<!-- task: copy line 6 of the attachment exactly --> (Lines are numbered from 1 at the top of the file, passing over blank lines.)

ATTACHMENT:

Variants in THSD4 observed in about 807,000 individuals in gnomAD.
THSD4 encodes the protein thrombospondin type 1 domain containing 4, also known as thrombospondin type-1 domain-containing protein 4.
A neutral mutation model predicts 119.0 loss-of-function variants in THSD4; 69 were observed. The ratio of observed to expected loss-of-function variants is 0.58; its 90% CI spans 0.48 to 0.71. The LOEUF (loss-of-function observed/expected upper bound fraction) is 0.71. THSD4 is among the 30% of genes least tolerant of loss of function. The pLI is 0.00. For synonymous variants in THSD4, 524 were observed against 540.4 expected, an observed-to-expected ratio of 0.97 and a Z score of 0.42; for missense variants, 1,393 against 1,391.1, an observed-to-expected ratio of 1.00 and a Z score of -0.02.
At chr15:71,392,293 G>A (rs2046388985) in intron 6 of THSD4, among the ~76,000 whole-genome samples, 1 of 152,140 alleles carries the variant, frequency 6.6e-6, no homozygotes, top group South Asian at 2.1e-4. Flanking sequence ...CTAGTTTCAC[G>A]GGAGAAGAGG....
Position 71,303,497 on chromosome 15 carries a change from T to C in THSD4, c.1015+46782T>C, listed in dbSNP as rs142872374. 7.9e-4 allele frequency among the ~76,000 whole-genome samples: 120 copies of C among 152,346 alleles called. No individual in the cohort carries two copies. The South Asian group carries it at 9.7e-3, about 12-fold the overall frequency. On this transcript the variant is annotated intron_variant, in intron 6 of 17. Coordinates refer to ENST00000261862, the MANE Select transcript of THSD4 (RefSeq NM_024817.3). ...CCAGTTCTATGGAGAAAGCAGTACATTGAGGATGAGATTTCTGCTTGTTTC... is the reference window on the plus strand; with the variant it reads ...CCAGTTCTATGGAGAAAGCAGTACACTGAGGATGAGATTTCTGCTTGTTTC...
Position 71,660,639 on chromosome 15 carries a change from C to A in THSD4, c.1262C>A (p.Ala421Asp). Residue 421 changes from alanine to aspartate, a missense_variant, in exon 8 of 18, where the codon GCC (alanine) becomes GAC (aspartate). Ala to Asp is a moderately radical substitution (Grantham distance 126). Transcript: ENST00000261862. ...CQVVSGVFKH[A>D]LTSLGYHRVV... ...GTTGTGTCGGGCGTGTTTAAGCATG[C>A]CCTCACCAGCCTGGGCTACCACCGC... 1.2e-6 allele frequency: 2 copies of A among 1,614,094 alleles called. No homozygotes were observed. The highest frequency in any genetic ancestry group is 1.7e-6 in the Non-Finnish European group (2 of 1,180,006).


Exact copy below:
Position 71,660,639 on chromosome 15 carries a change from C to A in THSD4, c.1262C>A (p.Ala421Asp). Residue 421 changes from alanine to aspartate, a missense_variant, in exon 8 of 18, where the codon GCC (alanine) becomes GAC (aspartate). Ala to Asp is a moderately radical substitution (Grantham distance 126). Transcript: ENST00000261862. ...CQVVSGVFKH[A>D]LTSLGYHRVV... ...GTTGTGTCGGGCGTGTTTAAGCATG[C>A]CCTCACCAGCCTGGGCTACCACCGC... 1.2e-6 allele frequency: 2 copies of A among 1,614,094 alleles called. No homozygotes were observed. The highest frequency in any genetic ancestry group is 1.7e-6 in the Non-Finnish European group (2 of 1,180,006).